Saikat Basu and Mrutyunjaya Dash, both 34, almost always shared similar likes and dislikes though they met each other for the first time 10 years ago. While growing up—Basu in Kolkata and Dash in Rourkela—the two enjoyed fine arts as a hobby, and later developed a passion for motorcycles and long rides. Soon after joining the workforce, they realized the corporate life wasn’t for them.
“It’s not that I was bad at my job, I just wasn’t able to connect with it," says Basu, who joined Accenture in Hyderabad after graduating from the National Institute of Technology, Durgapur in 2007.
It was around this time a friend told him about “someone similar" who had taken up his first job, at Microsoft in Hyderabad after graduating in computer science from the National Institute of Science and Technology in Berhampur. The two met after connecting via social media. “We had similar kind of frustrations and aspirations. We clicked instantly," Dash recalls.
After several brainstorming sessions, the two decided to turn their interest in art and motorcycles into East India Motorcycle Revolution (Eimor), a custom bike art studio based. By 2011, they had rented a shed near their homes in Hyderabad and spent hours before and after office, working on a paint job on Dash’s motorcycle.
“It started out as a necessity since we couldn’t find people who could do certain things for our bikes. But at the start, we had long periods of time where we had no work. So, we borrowed or bought helmets and painted them to keep busy," says Basu. In the beginning, the two put money from their own pockets and reinvested their earnings back in the business. “We were certain that we wanted it to be an organic growth," says Basu.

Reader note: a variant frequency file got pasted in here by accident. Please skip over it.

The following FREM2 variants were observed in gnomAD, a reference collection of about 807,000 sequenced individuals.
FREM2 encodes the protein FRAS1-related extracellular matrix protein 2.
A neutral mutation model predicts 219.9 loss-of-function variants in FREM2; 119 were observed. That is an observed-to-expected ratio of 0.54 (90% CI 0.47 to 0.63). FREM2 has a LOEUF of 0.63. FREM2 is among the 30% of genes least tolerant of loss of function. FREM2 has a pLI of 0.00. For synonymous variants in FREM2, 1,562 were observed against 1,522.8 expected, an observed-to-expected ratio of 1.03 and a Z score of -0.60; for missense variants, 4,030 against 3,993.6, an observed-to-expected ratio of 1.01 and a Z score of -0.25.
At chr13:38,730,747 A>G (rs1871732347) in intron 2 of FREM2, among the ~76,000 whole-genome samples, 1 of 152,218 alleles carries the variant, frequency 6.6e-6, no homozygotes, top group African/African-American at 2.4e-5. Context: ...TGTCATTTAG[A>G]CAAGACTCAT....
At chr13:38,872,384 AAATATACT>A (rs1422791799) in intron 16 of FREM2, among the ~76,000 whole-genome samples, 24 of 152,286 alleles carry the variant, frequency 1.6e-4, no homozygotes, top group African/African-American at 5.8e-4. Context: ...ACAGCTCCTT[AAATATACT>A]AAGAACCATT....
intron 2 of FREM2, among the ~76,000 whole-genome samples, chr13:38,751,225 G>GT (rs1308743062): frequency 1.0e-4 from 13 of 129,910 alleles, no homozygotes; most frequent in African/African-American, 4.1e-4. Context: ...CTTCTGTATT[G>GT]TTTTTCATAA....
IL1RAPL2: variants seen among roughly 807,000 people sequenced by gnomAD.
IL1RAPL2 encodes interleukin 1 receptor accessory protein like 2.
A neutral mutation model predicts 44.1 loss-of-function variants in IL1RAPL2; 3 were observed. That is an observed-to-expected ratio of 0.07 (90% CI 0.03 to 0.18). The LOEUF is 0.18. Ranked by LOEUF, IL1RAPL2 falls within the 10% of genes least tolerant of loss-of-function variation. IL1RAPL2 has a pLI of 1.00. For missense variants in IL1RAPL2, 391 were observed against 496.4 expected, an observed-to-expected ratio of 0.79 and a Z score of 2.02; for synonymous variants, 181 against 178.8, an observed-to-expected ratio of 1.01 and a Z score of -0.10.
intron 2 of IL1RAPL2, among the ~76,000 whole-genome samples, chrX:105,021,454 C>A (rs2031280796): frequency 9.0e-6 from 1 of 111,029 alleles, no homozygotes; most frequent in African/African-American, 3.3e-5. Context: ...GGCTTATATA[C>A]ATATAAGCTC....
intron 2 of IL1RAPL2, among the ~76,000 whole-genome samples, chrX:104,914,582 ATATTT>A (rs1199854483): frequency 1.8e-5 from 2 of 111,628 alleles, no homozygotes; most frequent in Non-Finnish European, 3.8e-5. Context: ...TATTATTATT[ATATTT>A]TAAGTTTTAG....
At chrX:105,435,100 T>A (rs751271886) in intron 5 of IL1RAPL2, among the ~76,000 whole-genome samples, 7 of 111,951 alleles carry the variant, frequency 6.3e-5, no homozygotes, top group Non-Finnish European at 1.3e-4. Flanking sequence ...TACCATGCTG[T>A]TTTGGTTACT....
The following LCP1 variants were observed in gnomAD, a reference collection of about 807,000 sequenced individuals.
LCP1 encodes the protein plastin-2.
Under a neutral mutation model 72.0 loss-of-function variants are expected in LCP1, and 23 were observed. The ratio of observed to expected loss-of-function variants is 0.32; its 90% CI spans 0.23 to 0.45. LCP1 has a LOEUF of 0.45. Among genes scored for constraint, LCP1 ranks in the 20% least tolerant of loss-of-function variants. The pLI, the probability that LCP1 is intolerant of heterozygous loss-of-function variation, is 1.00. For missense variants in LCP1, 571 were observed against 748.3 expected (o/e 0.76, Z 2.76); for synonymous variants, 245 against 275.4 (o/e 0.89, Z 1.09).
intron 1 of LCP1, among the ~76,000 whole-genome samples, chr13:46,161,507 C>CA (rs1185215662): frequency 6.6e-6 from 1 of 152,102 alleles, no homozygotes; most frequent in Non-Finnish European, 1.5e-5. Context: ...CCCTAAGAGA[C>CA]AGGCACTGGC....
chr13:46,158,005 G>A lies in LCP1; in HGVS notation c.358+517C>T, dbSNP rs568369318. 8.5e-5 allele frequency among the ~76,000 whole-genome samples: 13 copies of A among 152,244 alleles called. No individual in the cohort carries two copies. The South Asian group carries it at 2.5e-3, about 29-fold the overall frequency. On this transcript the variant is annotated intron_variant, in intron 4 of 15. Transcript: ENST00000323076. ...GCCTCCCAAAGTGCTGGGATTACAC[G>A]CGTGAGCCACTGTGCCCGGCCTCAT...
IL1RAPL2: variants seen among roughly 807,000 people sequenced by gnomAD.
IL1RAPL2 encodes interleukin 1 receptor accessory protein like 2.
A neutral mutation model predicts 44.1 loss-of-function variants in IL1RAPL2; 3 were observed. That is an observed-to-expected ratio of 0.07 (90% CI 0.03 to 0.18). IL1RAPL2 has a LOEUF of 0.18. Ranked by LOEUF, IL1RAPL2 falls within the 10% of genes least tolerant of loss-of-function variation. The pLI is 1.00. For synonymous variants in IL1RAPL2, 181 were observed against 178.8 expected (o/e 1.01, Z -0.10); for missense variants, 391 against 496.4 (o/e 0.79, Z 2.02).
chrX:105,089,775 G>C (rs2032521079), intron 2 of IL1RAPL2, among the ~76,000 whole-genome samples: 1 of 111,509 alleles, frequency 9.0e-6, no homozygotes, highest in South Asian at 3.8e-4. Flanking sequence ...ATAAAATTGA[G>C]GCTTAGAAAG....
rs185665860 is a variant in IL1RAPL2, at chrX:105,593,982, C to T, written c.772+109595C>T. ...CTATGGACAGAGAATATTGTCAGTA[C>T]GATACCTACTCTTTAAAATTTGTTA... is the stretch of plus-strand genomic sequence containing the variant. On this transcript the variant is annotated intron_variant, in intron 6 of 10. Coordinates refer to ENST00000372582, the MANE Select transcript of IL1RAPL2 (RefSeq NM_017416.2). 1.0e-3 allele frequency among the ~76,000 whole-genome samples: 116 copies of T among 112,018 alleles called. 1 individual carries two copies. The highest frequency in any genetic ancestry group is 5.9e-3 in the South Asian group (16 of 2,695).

Their first big break came in 2013, when a Harley Davidson from Ahmedabad, that they had worked on, won the “Best Custom Bike" award at a bike show. At the same event the following year, three motorcycles that won top prizes had their signatures on them.
“The managing director of Harley Davidson India wanted to know just who these guys from Eimor were. So we ran up on stage and got a few photos clicked in excitement. But that is essentially where our journey began and when we first considered quitting our corporate jobs," says Dash.
He took the plunge in 2015 to pursue Eimor full-time; Basu followed the next year, and for the first time, the two drew salaries from the motorcycle business. Their families were initially not supportive of them starting their own venture since they believed in the idea of “secure jobs", but once Eimor picked up, they began supporting their vision. “I would have taken the plunge a few years earlier if I had my family and a home in Hyderabad. But since that wasn’t the case, we had to make enough money to pay the bills," says Basu.
Over time, a steady stream of customers lined up. They moved to a bigger shed after they decided to get into motorcycle modifications as well.
“More people know of us as motorcycle builders today, though our foundation is still very much custom paint jobs. We are both artists at heart with very different styles, and to be honest, a motorcycle is just a medium for our work. I think it is more fun to be creative, so that is really the driving force," Basu says.
Over the past four years, their client base has expanded to film producers, builders, politicians and actors across India, Tanzania, Germany and the US.
These days, they are building another shed next door where they intend to start working with cars. From two founders in 2015, Eimor today has 12 full-time employees who work on 50-60 motorcycles annually. “I think there is a lot of love and affection that you get with this job and the fact that you make people happy. That, in my opinion, is priceless," says Basu.
He admits there’s always a risk in leaving a steady, lucrative job and switching to “something new. This is where most people don’t do what they want to. Being impulsive is great, but at the same time, you need to plan your next move."
Detour features people who quit their 9-to-5 jobs and made their passion work.
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